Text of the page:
NGO’s: Carlsberg Responsible for Death of Cambodian Laborers

The international beer industry in Cambodia is accused of treating its female employees miserably, reports Jyllands-Posten. According to the accusers – several NGO’s and women’s rights organizations working in Cambodia – one out of five of the so-called “beer girls” die of either aids, drunkenness or violence in connection with their work for the beer companies. This happens, the accusers claim, because the salary is so low that the drunk girls end up sleeping with customers in order to make enough money to survive.

These rough charges are primarily pointed at Carlsberg, Heineken, and Inbev, which are all among the world’s five largest breweries. In a letter sent directly to the top management of those three beer companies, the organizations accuse the companies of not doing enough to create tolerable living- and working conditions for the young girls.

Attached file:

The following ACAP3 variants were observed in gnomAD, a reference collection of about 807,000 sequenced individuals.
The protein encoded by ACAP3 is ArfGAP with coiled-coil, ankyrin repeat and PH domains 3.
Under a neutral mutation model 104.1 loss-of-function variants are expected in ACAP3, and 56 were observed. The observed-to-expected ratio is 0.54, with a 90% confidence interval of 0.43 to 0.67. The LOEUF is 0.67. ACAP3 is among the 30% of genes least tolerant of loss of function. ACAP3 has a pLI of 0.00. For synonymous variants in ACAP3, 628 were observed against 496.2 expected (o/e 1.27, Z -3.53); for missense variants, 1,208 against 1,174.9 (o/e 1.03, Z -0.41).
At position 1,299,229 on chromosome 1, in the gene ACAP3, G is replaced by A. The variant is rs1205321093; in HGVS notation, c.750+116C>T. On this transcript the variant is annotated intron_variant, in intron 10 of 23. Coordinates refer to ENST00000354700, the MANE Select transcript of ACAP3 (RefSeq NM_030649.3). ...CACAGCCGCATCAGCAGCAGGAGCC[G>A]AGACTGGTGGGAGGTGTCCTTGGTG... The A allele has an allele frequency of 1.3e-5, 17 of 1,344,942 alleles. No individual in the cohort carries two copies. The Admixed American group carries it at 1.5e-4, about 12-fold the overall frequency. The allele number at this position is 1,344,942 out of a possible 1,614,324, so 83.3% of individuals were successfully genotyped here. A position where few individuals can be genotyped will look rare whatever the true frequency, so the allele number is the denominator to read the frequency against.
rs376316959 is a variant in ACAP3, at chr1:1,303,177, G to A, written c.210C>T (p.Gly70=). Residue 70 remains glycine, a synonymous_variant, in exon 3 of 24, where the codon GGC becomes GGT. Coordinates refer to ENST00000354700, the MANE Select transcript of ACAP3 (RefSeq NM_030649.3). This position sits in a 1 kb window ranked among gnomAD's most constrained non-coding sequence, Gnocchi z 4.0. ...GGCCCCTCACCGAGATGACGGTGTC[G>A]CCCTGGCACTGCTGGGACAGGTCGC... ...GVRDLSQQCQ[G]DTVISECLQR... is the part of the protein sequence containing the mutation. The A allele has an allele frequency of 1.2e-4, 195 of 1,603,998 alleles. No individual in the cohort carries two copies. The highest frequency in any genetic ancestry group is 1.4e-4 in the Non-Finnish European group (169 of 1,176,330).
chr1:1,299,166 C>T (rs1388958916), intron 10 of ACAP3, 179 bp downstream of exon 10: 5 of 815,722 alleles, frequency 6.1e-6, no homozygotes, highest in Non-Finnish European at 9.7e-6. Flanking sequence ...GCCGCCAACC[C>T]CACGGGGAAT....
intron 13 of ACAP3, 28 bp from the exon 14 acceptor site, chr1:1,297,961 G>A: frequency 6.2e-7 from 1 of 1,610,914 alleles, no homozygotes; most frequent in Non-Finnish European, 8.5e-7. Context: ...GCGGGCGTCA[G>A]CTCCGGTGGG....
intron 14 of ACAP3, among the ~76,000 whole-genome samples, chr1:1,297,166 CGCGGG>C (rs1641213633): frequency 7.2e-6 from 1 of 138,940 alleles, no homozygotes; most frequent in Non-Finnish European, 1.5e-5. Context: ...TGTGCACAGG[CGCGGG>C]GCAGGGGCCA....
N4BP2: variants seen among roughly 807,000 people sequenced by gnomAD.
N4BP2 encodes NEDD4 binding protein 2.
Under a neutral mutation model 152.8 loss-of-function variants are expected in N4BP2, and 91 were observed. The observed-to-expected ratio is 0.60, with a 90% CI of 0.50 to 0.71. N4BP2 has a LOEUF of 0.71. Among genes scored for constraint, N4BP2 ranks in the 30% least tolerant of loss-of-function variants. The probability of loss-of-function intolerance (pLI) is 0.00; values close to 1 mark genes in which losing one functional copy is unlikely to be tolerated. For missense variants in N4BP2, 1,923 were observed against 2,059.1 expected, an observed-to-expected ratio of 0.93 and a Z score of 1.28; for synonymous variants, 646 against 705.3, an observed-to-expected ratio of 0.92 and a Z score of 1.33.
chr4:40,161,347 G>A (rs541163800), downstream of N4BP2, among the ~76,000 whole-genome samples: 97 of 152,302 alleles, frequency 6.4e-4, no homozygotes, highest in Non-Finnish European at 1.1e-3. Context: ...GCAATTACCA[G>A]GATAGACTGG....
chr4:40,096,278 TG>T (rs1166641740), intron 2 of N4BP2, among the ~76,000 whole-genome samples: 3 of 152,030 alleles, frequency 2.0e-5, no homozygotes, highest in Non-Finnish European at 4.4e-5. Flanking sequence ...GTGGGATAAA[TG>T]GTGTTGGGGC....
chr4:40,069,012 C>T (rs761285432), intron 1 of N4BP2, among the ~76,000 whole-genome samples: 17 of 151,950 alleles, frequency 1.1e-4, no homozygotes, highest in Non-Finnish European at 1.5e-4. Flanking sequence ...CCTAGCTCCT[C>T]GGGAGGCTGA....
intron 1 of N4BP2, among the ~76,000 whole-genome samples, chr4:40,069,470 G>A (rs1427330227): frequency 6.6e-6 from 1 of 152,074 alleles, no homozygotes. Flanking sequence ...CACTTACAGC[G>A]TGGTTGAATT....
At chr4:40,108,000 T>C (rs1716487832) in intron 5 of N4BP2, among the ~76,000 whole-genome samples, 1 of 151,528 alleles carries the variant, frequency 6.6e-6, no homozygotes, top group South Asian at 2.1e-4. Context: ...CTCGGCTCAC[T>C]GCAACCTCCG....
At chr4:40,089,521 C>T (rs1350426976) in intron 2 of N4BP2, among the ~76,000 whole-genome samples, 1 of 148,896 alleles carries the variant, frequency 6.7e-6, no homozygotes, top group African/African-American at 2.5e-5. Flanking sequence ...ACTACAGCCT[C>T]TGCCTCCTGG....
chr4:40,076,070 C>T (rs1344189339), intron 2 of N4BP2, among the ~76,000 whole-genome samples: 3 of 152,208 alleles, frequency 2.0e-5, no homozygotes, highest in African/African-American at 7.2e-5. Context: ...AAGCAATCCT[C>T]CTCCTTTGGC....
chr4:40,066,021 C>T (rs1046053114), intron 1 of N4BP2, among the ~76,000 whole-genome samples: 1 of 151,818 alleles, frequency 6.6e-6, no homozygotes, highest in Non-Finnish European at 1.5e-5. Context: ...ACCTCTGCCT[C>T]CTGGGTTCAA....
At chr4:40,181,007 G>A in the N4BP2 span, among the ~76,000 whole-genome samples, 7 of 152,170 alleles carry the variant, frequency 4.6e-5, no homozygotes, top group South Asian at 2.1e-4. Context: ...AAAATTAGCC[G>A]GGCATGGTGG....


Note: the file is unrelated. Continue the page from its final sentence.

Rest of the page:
“The problem with the female beer sales workers’ unnecessary deaths from HIV/aids and the physical injuries related to their working conditions have been known by the breweries since 2000. Several reports and investigations have been publicized – something, which the beer industry even paid for themselves,” states the letter, which is written by professor Ian Lubek from Canada on behalf of the organizations in Cambodia.
     Professor Lubek has recently concluded several meetings with leading staff members of the three breweries without reaching a break-through or an increased understanding of the problems, he claims. Until now, Carlsberg has denied the charges.

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